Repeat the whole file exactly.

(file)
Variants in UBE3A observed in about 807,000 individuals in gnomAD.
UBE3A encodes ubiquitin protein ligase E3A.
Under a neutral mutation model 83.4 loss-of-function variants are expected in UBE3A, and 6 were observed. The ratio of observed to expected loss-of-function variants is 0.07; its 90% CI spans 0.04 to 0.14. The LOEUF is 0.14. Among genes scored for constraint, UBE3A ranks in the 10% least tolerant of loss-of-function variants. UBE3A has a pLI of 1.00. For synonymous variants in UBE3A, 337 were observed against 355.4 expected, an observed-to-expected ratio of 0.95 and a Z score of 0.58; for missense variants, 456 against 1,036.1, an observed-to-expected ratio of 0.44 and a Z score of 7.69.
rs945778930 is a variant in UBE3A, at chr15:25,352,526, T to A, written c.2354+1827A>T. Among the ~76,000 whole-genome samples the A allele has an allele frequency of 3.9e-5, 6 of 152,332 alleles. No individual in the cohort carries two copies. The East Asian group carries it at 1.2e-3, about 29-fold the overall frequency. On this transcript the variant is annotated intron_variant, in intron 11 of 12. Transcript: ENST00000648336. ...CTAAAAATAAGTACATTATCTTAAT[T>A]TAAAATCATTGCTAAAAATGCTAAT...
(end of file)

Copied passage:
Variants in UBE3A observed in about 807,000 individuals in gnomAD.
UBE3A encodes ubiquitin protein ligase E3A.
Under a neutral mutation model 83.4 loss-of-function variants are expected in UBE3A, and 6 were observed. The ratio of observed to expected loss-of-function variants is 0.07; its 90% CI spans 0.04 to 0.14. The LOEUF is 0.14. Among genes scored for constraint, UBE3A ranks in the 10% least tolerant of loss-of-function variants. UBE3A has a pLI of 1.00. For synonymous variants in UBE3A, 337 were observed against 355.4 expected, an observed-to-expected ratio of 0.95 and a Z score of 0.58; for missense variants, 456 against 1,036.1, an observed-to-expected ratio of 0.44 and a Z score of 7.69.
rs945778930 is a variant in UBE3A, at chr15:25,352,526, T to A, written c.2354+1827A>T. Among the ~76,000 whole-genome samples the A allele has an allele frequency of 3.9e-5, 6 of 152,332 alleles. No individual in the cohort carries two copies. The East Asian group carries it at 1.2e-3, about 29-fold the overall frequency. On this transcript the variant is annotated intron_variant, in intron 11 of 12. Transcript: ENST00000648336. ...CTAAAAATAAGTACATTATCTTAAT[T>A]TAAAATCATTGCTAAAAATGCTAAT...